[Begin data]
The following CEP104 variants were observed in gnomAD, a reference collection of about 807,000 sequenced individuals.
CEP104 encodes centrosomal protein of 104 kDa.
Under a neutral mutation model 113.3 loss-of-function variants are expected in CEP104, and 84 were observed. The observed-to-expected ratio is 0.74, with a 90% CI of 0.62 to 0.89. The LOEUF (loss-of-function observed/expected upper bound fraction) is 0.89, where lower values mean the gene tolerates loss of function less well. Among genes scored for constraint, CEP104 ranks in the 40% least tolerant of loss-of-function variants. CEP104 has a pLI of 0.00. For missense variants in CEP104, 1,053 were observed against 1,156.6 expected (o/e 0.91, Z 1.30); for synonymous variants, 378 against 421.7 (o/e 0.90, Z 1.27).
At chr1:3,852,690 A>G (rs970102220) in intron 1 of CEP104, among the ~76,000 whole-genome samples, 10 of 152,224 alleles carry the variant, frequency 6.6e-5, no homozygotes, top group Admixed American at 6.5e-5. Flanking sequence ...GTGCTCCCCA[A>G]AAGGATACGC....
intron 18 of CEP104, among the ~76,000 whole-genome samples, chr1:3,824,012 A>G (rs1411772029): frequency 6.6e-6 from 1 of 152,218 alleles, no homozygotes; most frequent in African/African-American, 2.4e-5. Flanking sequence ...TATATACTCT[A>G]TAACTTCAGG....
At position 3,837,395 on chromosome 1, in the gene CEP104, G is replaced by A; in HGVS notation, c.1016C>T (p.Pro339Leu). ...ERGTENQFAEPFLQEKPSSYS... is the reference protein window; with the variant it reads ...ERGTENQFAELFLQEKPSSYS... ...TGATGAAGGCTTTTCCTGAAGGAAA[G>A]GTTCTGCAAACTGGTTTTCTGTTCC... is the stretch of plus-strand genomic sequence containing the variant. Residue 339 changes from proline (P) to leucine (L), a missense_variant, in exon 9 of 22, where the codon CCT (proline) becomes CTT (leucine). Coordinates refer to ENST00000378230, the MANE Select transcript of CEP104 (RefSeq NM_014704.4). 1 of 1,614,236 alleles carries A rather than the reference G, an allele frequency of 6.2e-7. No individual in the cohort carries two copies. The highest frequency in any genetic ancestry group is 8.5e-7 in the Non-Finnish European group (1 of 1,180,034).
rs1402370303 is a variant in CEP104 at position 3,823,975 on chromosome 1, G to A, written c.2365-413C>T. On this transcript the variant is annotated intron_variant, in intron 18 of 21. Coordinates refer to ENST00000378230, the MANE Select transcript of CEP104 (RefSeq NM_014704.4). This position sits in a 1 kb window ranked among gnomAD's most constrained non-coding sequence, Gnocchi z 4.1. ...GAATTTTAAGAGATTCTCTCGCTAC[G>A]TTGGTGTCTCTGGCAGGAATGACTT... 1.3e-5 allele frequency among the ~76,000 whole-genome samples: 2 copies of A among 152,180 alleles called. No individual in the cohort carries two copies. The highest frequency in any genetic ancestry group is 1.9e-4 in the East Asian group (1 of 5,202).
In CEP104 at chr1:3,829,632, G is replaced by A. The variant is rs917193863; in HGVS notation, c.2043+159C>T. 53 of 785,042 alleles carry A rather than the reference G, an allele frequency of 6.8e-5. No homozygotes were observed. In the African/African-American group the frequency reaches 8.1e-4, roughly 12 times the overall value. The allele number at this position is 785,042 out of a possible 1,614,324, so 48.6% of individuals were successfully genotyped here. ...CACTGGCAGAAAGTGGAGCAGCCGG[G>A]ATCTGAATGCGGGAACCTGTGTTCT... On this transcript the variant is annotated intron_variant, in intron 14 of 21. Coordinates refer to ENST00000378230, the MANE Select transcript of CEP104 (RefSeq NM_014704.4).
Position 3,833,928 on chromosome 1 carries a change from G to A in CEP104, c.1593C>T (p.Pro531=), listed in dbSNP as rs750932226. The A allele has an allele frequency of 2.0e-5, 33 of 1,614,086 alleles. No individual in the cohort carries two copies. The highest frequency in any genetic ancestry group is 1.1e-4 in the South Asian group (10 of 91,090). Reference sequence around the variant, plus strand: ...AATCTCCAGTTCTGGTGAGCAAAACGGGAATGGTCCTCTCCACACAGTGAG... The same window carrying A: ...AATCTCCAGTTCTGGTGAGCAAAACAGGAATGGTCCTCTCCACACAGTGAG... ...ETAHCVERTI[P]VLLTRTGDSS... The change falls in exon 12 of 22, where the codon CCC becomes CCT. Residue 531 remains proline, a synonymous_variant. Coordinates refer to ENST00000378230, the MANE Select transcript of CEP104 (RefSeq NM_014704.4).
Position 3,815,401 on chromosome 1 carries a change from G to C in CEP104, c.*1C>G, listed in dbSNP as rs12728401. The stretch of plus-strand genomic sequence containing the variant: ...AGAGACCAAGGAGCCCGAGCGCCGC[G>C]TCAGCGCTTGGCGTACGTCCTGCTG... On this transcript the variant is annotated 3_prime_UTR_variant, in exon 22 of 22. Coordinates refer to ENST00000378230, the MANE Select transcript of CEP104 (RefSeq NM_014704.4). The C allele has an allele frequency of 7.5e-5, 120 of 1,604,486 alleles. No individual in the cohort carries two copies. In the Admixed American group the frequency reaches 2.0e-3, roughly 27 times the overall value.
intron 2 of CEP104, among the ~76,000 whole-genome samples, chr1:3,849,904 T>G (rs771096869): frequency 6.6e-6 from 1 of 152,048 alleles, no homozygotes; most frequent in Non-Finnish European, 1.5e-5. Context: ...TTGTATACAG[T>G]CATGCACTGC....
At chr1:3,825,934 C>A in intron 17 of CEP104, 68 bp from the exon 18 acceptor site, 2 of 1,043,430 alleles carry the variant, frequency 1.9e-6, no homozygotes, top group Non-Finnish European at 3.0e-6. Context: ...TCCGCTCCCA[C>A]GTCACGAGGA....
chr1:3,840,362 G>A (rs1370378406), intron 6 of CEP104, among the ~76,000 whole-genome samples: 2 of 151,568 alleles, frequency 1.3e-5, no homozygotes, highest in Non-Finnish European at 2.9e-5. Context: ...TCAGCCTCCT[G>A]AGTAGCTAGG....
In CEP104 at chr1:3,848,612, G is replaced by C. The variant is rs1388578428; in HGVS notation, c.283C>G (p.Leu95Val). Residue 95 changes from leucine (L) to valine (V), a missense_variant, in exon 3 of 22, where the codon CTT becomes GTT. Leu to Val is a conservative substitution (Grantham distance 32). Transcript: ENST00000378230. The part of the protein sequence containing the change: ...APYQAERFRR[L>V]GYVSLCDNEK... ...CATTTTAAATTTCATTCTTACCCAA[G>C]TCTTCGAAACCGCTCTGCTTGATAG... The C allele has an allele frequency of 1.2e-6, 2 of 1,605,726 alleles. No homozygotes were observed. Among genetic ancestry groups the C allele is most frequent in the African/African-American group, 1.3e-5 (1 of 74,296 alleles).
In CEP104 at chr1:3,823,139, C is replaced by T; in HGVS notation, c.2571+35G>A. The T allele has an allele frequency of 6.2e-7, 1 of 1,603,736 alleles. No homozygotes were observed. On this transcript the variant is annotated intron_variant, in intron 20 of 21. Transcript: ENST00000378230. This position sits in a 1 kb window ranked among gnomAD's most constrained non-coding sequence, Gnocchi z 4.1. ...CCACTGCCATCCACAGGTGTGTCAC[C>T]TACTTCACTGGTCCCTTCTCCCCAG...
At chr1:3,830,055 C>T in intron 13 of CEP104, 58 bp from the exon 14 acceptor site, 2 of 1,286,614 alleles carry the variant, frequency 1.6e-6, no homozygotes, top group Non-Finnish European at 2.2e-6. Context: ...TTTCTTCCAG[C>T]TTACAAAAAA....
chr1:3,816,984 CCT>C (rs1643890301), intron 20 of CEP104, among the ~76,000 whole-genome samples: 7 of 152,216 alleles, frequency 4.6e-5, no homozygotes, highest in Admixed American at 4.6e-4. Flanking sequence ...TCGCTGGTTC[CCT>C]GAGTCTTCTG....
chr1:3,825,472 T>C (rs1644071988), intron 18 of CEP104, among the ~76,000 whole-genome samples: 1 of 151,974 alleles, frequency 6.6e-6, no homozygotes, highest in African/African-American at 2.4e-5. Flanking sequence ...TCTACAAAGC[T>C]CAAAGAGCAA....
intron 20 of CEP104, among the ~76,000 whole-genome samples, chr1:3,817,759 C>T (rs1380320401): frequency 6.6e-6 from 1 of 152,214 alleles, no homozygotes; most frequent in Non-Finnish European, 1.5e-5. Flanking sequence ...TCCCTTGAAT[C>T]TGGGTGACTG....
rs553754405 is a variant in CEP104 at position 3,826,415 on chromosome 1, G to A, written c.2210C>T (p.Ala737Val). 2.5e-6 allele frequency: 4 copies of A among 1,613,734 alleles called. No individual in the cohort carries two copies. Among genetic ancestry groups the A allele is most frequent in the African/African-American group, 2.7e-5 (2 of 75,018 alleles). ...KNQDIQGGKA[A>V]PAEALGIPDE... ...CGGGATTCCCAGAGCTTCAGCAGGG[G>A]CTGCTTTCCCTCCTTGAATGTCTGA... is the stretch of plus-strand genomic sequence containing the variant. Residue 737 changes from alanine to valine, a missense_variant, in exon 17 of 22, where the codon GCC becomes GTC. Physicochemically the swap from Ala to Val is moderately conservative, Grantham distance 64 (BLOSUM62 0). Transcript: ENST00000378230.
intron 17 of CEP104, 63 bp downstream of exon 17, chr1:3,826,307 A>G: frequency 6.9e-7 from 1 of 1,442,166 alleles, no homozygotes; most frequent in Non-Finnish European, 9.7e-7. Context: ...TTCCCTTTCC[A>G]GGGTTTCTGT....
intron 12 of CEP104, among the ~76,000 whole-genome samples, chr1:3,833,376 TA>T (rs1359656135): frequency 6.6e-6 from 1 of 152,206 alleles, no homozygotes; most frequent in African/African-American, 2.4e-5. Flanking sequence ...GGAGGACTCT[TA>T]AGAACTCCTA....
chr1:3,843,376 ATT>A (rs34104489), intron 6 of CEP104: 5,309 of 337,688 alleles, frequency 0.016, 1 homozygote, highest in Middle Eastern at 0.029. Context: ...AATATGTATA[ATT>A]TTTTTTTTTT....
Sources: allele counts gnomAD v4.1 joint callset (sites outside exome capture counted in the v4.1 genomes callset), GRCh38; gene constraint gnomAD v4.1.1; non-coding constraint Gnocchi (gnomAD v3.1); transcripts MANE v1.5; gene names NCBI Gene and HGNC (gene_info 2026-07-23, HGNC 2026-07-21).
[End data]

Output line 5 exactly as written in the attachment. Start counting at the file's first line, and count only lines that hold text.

intron 18 of CEP104, among the ~76,000 whole-genome samples, chr1:3,824,012 A>G (rs1411772029): frequency 6.6e-6 from 1 of 152,218 alleles, no homozygotes; most frequent in African/African-American, 2.4e-5. Flanking sequence ...TATATACTCT[A>G]TAACTTCAGG....